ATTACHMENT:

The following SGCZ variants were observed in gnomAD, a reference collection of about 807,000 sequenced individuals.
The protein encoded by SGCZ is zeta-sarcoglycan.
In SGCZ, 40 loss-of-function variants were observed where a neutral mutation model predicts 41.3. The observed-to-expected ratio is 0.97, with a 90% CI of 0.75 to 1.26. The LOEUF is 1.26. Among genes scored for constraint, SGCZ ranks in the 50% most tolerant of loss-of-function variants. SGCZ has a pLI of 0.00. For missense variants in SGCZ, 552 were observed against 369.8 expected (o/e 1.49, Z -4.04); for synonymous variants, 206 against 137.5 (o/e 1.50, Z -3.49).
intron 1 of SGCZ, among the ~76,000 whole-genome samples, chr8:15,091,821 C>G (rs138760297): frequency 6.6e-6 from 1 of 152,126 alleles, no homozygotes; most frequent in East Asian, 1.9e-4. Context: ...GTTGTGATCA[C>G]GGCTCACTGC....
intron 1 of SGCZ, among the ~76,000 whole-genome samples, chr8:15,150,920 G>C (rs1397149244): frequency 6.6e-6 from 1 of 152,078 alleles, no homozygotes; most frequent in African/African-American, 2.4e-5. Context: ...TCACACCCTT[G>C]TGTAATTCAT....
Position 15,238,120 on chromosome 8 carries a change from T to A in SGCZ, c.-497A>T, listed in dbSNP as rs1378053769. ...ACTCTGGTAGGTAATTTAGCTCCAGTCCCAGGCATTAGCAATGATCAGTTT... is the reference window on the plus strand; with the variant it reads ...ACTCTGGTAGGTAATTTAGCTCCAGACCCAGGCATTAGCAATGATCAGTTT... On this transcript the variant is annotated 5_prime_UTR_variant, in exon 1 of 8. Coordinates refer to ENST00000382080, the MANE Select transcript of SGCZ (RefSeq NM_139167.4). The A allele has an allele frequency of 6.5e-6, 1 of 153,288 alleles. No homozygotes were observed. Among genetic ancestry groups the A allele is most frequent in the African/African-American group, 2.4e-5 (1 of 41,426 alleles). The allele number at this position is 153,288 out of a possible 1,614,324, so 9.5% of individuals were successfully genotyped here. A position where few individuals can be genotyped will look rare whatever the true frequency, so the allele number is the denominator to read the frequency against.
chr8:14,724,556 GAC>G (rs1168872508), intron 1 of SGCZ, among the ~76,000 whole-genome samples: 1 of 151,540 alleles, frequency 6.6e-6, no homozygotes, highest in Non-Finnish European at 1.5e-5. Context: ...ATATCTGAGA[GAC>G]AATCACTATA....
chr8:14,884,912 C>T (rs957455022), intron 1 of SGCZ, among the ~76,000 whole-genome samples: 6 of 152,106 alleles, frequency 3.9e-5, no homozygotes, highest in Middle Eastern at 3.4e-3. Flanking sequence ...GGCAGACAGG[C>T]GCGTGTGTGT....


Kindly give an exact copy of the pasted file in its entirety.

The following SGCZ variants were observed in gnomAD, a reference collection of about 807,000 sequenced individuals.
The protein encoded by SGCZ is zeta-sarcoglycan.
In SGCZ, 40 loss-of-function variants were observed where a neutral mutation model predicts 41.3. The observed-to-expected ratio is 0.97, with a 90% CI of 0.75 to 1.26. The LOEUF is 1.26. Among genes scored for constraint, SGCZ ranks in the 50% most tolerant of loss-of-function variants. SGCZ has a pLI of 0.00. For missense variants in SGCZ, 552 were observed against 369.8 expected (o/e 1.49, Z -4.04); for synonymous variants, 206 against 137.5 (o/e 1.50, Z -3.49).
intron 1 of SGCZ, among the ~76,000 whole-genome samples, chr8:15,091,821 C>G (rs138760297): frequency 6.6e-6 from 1 of 152,126 alleles, no homozygotes; most frequent in East Asian, 1.9e-4. Context: ...GTTGTGATCA[C>G]GGCTCACTGC....
intron 1 of SGCZ, among the ~76,000 whole-genome samples, chr8:15,150,920 G>C (rs1397149244): frequency 6.6e-6 from 1 of 152,078 alleles, no homozygotes; most frequent in African/African-American, 2.4e-5. Context: ...TCACACCCTT[G>C]TGTAATTCAT....
Position 15,238,120 on chromosome 8 carries a change from T to A in SGCZ, c.-497A>T, listed in dbSNP as rs1378053769. ...ACTCTGGTAGGTAATTTAGCTCCAGTCCCAGGCATTAGCAATGATCAGTTT... is the reference window on the plus strand; with the variant it reads ...ACTCTGGTAGGTAATTTAGCTCCAGACCCAGGCATTAGCAATGATCAGTTT... On this transcript the variant is annotated 5_prime_UTR_variant, in exon 1 of 8. Coordinates refer to ENST00000382080, the MANE Select transcript of SGCZ (RefSeq NM_139167.4). The A allele has an allele frequency of 6.5e-6, 1 of 153,288 alleles. No homozygotes were observed. Among genetic ancestry groups the A allele is most frequent in the African/African-American group, 2.4e-5 (1 of 41,426 alleles). The allele number at this position is 153,288 out of a possible 1,614,324, so 9.5% of individuals were successfully genotyped here. A position where few individuals can be genotyped will look rare whatever the true frequency, so the allele number is the denominator to read the frequency against.
chr8:14,724,556 GAC>G (rs1168872508), intron 1 of SGCZ, among the ~76,000 whole-genome samples: 1 of 151,540 alleles, frequency 6.6e-6, no homozygotes, highest in Non-Finnish European at 1.5e-5. Context: ...ATATCTGAGA[GAC>G]AATCACTATA....
chr8:14,884,912 C>T (rs957455022), intron 1 of SGCZ, among the ~76,000 whole-genome samples: 6 of 152,106 alleles, frequency 3.9e-5, no homozygotes, highest in Middle Eastern at 3.4e-3. Flanking sequence ...GGCAGACAGG[C>T]GCGTGTGTGT....